After the heavy hailstorm on old year’s eve, the shallow dam filled up quickly. The dam had stood dry for many months, but now the deafening chorus of frogs’ mating calls filled the air. Amongst the din, the deeply resonant baritone of the African bullfrog (Pyxicephalus Adspersus) was unmistakable.
Two days later thousands of bullfrog eggs (often from several females) hatched on a shallow rocky plate along the edge. At Bronberg Bewaria, we are lucky to have just the ideal habitat and breeding site for this locally endangered species. Although these giant bullfrogs are extremely adaptable amphibians, in Gauteng they barely survive, while their grassland habitat and especially their wetland breeding sites are destroyed by development. For successful breeding, they are completely dependent on these shallow grassy pans, that fill up with water during the rainy season. Permanent dams with predator fish or even reed-lined water bodies are no good for breeding. The frogs leave their underground estivation chambers (10-30 cm deep) after the ground is soaked by about 50 mm of rain. Within 200 m. from the breeding site, there are several such chambers, where the bullfrogs stay in estivation for periods of more than 8 months at a time.
It is known that they can survive prolonged periods of drought in these shelters, while surface temperatures can be baking hot. In these chambers they shed their outer skin which turns into a tough cocoon in order to preserve body fluids. They also rely on their bladders to re-absorb water.
Their metabolism virtually shuts down, waiting for that rainy trigger.
After emerging from their chambers, the bullfrogs hasten to the breeding site where instinct tells them enough water has accumulated by now. We once, after a prolonged shower, stood guard at the site of a (known) estivation chamber and watched the large male emerge from the ground. We gave him a free ride to the dam in a bucket. (Some of these males can live for more than 35 years and weigh up to 1.5 kg!)
The males try to establish a territory as quickly as possible. In nature, breeding is a serious matter and there is no time to lose, as the water might dry up too quickly. The water should last for 3 - 4 weeks to give the tadpoles a chance to metamorphose.
In our dam, it’s usually a winner takes all contest. The males fight fiercely for dominance, which sometimes results in serious injury or even death. Since 1976 we only witnessed once that, in a remote corner of the dam, a second male managed to attract a female and raise a small brood. As a rule, the females are mated by a single dominant male.
After mating, the male guards the eggs and then moves around with the tadpoles along the grassy areas of the dam, where the tadpoles voraciously graze on algae. Any terrapin, heron, hammerhead or cormorant that ventures too close (they are attracted by this writhing black mass) gets attacked by the male. We also occasionally saw a few other males hanging around and following the tadpoles from a distance in the hope of snatching a meal. Many visitors, who ventured too close got the fright of their life when the male suddenly hurled himself at them. If he manages to grab you, he is capable of drawing blood with his strong bite (he uses tooth-like projections on his lower jaw). It is quite ironic, that this male, who fiercely defends his brood against any predator, also snacks on his own tadpoles in order to sustain himself during his long vigil. It’s a necessary sacrifice in order to see the bulk of his brood turn into little green striped frogs.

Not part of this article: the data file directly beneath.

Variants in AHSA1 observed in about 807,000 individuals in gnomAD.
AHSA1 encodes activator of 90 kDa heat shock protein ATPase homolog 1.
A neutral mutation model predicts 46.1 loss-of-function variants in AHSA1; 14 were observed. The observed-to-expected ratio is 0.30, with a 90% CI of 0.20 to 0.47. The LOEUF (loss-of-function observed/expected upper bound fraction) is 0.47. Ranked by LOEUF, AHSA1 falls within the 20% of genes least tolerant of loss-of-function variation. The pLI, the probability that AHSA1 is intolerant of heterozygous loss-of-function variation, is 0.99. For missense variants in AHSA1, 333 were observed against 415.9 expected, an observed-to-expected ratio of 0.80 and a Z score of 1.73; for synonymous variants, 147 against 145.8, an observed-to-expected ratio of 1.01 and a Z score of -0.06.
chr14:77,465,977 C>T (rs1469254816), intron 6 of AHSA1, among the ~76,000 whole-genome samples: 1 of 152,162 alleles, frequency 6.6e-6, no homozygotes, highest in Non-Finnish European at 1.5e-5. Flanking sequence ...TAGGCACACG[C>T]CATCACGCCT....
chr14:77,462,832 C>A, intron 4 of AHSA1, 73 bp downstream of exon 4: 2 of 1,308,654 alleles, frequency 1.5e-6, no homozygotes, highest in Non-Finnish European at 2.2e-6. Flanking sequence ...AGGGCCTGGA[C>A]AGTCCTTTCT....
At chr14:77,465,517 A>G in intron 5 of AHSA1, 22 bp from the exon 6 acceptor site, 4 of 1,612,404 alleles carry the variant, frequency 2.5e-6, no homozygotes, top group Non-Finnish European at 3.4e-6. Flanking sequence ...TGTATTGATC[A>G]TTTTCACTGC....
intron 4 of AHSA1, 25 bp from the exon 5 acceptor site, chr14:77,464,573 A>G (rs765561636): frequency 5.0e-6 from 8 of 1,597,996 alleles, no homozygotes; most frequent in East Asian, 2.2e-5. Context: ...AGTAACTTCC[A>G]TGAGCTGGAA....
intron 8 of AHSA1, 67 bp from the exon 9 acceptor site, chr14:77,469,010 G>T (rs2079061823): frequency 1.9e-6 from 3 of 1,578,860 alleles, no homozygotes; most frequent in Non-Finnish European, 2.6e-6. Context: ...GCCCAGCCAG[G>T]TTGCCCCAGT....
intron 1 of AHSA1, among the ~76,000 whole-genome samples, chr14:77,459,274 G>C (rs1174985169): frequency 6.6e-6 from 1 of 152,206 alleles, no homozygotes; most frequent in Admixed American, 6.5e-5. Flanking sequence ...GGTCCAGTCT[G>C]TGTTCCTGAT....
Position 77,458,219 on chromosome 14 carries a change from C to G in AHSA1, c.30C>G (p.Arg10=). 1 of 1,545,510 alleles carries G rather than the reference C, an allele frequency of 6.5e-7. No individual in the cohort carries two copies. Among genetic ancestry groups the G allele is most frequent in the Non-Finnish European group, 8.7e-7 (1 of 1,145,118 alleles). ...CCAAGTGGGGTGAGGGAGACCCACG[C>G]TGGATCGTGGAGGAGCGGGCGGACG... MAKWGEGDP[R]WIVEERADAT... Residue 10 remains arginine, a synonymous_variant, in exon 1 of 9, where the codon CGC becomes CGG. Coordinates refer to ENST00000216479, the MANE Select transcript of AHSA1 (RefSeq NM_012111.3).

When a pale green stripe becomes visible on the tadpoles’ back, metamorphosis is in full swing. It’s just plain amazing how fast the internal tadpole matter is re-arranged into frog organs and frog features become noticeable. Within a couple more days they are ready to leave the water.
Sometimes, the water in the dam evaporates too quickly which spells certain death for the tadpoles. In such a case, the local benevolent “Rain Gods” help out by feeding additional borehole water in the dam so that metamorphosis can be completed.
When the little frogs start swarming, it’s a long perilous slog uphill for them. We have seen some of the little frogs being cannibalized by the larger ones. Anything that moves and fits into their mouths is fair game. They put on weight as fast as during their tadpole phase, yet very few survive that first year. After a few weeks have passed, we seldom encounter a little frog hopping in the grass. There must be close to 100 % mortality. This is typical for animals that follow a so-called “r-strategy”. Flood the whole show with thousands of eggs and hope that a few offspring will survive (animals, such as most mammals, whoheavily invest in raising only a couple of offspring follow what biologists call a “K-strategy”).
If there is sufficient water in the dam and it’s still not too late in the season, the male bullfrog often initiates another attempt at breeding. We once witnessed 3 successive breeding rounds in this dam by the same
male. This is surely the maximum that is possible and it is doubtful that the last batch of frogs had sufficient time to eat and fatten up before the onset of winter. We sincerely hope that the conservation of our Bronberg grasslands and breeding site will help these remarkable amphibians, against all odds, survive in the Gauteng region.